May 2008
Volume 49, Issue 13
Free
ARVO Annual Meeting Abstract  |   May 2008
Objective in vivo Contact Lens Wettability Testing With Different MPS Using the Shack-Hartmann Sensor
Author Affiliations & Notes
  • G. A. Zikos
    Inst Vision Research, Manhattan Vision Associates, New York, New York
  • S. S. Kang
    Inst Vision Research, Manhattan Vision Associates, New York, New York
  • R. J. Nason
    Inst Vision Research, Manhattan Vision Associates, New York, New York
  • A. Selenow
    Inst Vision Research, Manhattan Vision Associates, New York, New York
  • S. R. Ali
    Inst Vision Research, Manhattan Vision Associates, New York, New York
  • Footnotes
    Commercial Relationships  G.A. Zikos, Alcon, F; S.S. Kang, Alcon, F; R.J. Nason, Alcon, F; A. Selenow, Alcon, F; S.R. Ali, Alcon, F.
  • Footnotes
    Support  Alcon, Inc.
Investigative Ophthalmology & Visual Science May 2008, Vol.49, 4855. doi:https://doi.org/
  • Views
  • Share
  • Tools
    • Alerts
      ×
      This feature is available to authenticated users only.
      Sign In or Create an Account ×
    • Get Citation

      G. A. Zikos, S. S. Kang, R. J. Nason, A. Selenow, S. R. Ali; Objective in vivo Contact Lens Wettability Testing With Different MPS Using the Shack-Hartmann Sensor. Invest. Ophthalmol. Vis. Sci. 2008;49(13):4855. doi: https://doi.org/.

      Download citation file:


      © ARVO (1962-2015); The Authors (2016-present)

      ×
  • Supplements
Abstract
 
Purpose:
 

To evaluate the feasibility of using a Shack-Hartmann Sensor image in identifying differences in pre-lens tear film stability (and therefore wettability) of two contact lens materials soaked in different multi-purpose solutions (MPS).

 
Methods:
 

A COAS Shack-Hartman wavefront sensor was used to collect continuous measurements for 10 seconds after blink. The wettability index metric (WI) used was based on the slope of the linear regression of the processed Shack-Hartman image. Four sets of measurements were taken at 10 min and 30 min after insertion and at the end of day (EoD) (mean 8.5 hrs). Blinking was controlled at 30 blinks/min for 3 minutes before each measurement. Two groups of 9 habitual contact lens wearers using either a Group 4 hydrogel contact lens (H) or a silicone hydrogel contact lens (SiH) participated. New lenses were soaked in either ReNu MultiPlus® MPS or Opti-Free® RepleniSH® MPS for a minimum of 12 hrs before dispensing. The solution presentation order was counterbalanced across all participants. During testing, room temperature and humidity were recorded.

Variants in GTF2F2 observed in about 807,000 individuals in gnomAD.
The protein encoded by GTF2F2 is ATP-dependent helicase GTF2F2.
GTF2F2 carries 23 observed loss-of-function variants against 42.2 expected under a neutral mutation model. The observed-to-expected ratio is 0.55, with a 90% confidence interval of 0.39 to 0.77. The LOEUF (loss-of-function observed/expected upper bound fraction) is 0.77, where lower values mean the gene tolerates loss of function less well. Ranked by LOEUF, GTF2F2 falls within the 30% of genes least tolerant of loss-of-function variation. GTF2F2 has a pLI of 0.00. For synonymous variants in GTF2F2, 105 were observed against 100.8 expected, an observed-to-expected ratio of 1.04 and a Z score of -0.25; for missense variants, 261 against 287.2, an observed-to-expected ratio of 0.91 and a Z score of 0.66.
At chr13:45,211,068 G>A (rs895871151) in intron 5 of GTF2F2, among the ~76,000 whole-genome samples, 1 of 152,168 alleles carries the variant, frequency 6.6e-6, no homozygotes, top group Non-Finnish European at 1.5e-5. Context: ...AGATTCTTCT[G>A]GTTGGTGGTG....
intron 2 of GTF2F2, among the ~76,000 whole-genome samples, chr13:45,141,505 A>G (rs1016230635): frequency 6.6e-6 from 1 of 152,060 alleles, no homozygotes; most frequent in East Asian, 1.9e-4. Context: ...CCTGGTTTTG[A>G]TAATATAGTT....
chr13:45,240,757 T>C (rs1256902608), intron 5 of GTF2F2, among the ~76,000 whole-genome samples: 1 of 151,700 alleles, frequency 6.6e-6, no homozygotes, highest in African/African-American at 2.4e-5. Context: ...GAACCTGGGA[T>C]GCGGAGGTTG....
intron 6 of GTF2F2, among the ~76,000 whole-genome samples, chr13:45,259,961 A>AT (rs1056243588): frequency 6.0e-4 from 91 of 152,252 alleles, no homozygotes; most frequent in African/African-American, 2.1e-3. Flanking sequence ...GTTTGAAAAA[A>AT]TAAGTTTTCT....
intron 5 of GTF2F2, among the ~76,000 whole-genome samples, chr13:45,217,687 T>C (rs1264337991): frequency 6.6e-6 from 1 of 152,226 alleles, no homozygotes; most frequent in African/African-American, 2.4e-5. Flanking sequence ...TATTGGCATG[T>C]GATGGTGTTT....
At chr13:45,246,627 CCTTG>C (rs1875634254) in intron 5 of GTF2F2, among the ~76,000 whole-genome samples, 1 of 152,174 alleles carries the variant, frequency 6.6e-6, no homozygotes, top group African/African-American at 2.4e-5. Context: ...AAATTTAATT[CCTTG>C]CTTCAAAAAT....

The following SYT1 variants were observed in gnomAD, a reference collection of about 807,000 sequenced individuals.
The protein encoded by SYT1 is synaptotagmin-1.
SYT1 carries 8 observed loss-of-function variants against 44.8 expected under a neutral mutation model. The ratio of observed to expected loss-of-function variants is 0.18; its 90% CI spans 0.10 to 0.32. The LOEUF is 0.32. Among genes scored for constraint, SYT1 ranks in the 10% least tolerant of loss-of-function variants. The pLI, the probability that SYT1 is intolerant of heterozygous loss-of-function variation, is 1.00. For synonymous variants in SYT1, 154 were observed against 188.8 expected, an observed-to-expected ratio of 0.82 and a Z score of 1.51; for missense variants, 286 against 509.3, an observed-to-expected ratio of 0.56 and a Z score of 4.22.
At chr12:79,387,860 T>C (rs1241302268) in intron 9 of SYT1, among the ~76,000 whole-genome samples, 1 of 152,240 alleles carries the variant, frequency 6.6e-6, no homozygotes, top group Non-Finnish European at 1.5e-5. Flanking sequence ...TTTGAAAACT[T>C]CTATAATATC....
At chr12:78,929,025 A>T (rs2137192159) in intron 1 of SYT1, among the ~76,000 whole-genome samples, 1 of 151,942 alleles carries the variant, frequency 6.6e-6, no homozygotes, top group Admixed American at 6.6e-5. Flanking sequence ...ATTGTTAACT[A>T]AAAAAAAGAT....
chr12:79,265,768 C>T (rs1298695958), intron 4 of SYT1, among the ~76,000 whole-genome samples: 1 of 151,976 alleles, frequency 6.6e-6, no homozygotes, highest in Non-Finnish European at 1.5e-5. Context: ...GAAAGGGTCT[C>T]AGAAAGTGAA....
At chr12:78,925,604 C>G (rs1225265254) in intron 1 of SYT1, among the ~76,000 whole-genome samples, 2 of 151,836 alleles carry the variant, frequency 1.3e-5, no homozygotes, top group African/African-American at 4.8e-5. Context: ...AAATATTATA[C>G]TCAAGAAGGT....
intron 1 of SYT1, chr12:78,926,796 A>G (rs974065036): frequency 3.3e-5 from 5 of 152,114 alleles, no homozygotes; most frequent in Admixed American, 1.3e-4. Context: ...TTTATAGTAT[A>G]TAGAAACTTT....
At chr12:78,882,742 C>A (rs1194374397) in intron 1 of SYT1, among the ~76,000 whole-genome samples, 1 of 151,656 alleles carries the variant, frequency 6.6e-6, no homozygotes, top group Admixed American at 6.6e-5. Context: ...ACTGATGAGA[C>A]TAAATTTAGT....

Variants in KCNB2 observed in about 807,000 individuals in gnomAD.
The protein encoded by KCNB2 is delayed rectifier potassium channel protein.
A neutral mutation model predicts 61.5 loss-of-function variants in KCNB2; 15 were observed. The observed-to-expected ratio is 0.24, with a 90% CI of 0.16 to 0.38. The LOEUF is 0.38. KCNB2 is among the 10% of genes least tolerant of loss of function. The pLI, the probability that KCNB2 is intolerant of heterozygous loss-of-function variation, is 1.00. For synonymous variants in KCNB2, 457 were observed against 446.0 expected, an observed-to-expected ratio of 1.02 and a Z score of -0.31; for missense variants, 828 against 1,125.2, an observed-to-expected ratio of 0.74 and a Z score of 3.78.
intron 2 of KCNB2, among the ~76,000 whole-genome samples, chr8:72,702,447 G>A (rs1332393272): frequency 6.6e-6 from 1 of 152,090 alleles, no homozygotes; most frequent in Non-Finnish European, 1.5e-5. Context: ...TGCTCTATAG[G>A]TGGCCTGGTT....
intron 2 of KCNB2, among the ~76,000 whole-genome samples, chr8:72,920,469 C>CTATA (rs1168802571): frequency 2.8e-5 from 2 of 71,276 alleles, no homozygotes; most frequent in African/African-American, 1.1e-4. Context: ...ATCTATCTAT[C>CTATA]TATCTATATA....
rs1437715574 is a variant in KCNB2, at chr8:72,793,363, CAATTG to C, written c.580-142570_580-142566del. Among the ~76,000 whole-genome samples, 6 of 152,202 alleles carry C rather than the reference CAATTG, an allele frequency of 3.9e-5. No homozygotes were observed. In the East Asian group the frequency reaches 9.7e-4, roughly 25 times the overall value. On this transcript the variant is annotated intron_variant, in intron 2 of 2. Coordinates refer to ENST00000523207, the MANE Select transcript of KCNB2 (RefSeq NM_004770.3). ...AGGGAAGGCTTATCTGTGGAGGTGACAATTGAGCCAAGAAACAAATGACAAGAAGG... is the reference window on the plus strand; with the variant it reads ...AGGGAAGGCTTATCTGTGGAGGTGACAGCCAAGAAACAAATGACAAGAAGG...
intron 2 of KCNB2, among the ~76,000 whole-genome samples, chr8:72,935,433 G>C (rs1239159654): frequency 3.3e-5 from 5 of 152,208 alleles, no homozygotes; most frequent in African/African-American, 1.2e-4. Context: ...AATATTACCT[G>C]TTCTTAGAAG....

Results:
 

A significant improvement (p<0.05, T-Test) of the lens wettability was observed for the SiH group with use of OF (WI=-762) vs. RN (WI=-1131) MPS, but not for the H group (OF WI=-674 vs. RN WI=-635). The differences were noted mostly at the 10 minute and EoD measures. Room temperature and humidity variability did not correlate with the measured WI (r^2=0.008 and 0.002, respectively).  

 
Conclusions:
 

The use of this novel wettability index metric (WI) is promising in objectively characterizing differences in in-vivo surface wettability. Differences in soft contact lenses treated with different care solutions have been detected. Future applications in dry eye treatments, contact lens materials and their interactions with solutions may be possible.

 
Keywords: contact lens • cornea: tears/tear film/dry eye 
×
×

This PDF is available to Subscribers Only

Sign in or purchase a subscription to access this content. ×

You must be signed into an individual account to use this feature.

×